Speaking to CNBC during a panel discussion in Davos, Phil Chen, decentralized chief officer at HTC suggested that blockchain technology could potentially take some power away from large tech firms.
Rebeca Hwang, co-founder, and MD of Rivet Ventures said that Facebook is the most vulnerable to disruption out of all the big tech firms.
Is Big Tech Too Big for Disruption?
During the panel discussion, the participants talked about the probability of big tech companies facing disruption.
According to Hwang, Facebook is most at risk when it comes to disruption among these companies.
The company had a rough 2018, following data leaks, scandals around privacy and allegations that the platform was used by foreign powers to influence the Presidential elections in the US.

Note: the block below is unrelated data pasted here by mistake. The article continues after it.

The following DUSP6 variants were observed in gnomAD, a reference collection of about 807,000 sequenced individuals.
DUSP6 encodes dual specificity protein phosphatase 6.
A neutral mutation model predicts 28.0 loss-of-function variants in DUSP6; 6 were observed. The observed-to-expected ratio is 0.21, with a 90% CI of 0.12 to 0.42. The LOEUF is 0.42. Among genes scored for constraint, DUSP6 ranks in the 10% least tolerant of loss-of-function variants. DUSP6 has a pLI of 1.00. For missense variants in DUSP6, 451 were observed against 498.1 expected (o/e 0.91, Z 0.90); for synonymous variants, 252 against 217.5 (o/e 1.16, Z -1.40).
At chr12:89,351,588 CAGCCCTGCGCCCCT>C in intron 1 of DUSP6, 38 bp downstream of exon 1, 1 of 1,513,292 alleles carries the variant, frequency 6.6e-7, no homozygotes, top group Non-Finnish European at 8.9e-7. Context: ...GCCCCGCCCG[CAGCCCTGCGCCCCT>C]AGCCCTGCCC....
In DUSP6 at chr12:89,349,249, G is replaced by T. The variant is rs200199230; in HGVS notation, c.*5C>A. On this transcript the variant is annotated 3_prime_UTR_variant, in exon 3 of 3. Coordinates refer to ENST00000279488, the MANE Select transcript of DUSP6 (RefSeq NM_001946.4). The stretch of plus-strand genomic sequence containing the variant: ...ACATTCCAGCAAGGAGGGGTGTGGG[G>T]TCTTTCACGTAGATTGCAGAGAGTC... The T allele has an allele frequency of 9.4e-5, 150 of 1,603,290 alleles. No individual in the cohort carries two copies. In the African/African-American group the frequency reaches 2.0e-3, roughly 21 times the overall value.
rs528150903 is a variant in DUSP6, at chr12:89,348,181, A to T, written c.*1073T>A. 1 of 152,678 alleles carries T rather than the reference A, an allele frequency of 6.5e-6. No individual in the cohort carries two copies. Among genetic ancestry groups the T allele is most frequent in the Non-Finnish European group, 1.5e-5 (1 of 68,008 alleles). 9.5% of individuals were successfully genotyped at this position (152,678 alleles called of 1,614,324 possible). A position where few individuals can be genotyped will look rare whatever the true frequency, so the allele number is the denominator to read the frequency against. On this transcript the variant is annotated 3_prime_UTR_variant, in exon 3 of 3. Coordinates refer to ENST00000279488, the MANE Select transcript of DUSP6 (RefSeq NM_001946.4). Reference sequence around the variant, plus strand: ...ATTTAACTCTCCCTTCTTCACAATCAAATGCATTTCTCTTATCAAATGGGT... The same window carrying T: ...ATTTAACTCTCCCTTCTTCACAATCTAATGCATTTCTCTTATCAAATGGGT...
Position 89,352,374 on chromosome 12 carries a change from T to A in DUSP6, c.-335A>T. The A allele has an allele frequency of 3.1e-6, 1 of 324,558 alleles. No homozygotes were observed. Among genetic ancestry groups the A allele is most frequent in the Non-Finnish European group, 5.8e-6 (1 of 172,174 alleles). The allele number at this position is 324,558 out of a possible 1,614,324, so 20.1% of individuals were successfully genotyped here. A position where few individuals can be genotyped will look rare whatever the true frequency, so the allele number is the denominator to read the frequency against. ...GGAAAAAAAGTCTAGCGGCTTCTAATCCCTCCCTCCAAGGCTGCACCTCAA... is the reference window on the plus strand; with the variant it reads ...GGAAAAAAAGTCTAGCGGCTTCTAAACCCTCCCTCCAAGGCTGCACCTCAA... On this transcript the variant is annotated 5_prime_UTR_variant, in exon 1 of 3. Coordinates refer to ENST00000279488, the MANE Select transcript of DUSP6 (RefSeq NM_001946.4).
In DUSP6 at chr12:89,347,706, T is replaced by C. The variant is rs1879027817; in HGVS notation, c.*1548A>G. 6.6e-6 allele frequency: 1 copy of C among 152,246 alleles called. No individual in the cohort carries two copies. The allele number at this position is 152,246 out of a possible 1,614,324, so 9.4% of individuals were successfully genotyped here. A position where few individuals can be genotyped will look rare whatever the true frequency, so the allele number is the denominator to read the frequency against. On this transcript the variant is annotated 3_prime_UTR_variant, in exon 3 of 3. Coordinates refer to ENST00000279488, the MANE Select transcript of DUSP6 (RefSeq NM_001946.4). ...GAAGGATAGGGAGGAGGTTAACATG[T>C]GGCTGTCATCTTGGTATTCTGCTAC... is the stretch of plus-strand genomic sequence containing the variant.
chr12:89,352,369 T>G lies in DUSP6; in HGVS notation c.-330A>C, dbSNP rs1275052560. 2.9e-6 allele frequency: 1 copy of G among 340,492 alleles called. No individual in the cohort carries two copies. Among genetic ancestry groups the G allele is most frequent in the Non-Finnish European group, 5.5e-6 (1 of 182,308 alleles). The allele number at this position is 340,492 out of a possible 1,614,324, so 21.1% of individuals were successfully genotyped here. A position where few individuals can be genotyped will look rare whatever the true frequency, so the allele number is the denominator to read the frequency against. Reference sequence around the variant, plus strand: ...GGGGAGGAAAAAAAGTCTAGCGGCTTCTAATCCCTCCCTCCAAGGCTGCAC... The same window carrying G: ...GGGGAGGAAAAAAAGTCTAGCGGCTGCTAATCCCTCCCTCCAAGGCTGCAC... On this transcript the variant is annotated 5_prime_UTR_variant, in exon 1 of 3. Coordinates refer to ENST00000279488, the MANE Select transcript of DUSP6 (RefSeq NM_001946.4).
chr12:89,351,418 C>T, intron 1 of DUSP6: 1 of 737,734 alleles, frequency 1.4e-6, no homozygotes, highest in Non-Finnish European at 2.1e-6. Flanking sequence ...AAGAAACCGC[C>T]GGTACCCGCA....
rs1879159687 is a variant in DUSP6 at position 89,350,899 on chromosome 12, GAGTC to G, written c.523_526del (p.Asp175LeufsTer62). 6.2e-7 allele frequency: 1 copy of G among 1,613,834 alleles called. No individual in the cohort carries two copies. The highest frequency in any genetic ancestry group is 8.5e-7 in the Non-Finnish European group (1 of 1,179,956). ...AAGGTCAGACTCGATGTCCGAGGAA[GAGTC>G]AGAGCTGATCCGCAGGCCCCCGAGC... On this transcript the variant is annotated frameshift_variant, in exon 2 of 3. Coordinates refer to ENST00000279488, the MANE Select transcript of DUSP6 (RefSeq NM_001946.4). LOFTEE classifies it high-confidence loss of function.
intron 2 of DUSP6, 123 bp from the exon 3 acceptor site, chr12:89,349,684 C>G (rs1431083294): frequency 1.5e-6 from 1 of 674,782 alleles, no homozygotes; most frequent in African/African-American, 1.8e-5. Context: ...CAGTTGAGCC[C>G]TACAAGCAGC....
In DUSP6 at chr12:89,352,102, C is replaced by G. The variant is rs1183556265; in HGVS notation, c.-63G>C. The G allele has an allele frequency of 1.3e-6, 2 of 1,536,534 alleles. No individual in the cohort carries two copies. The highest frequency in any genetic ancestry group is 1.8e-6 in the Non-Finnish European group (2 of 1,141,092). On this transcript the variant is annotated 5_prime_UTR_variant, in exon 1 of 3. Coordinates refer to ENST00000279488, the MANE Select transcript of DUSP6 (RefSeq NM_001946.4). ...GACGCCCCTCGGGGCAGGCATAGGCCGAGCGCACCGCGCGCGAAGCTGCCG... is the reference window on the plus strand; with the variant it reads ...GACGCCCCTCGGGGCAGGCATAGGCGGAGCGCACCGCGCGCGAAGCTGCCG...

Hwang said, “I do think Facebook is in a very vulnerable place right now,” adding that the company has to take strong actions to maintain their position in the market.
“I don’t necessarily see a future where all of these giants will continue dominating forever. I think there will be disruptors in some of these areas by new players.”
Could Blockchain Bring That Disruption?
HTC’s Phil Chen, who is also the managing director at VC firm Presence Capital said that blockchain has the potential to take away some power from big tech.
Companies like Facebook hold users data in centralized databases, but with blockchain, those databases could be decentralized, giving users ownership of their data.
Chen described it further, saying:
“That’s the hope, that’s the thesis. At the end of the day today, the big corporates, they have big central servers that hold everybody’s data. I think what bitcoin and blockchain really allows … is empowering people to own their own keys,”
These keys, which are unique cryptographic addresses, are what allow people to own their own cryptocurrencies. And also, are what Chen believes could be used to give people ownership of data.
“Once you start owning your own keys, which is the means in which you own the cryptocurrency, then you start owning your identity, then you start owning your data, and that needs the whole crowd and the people to participate.”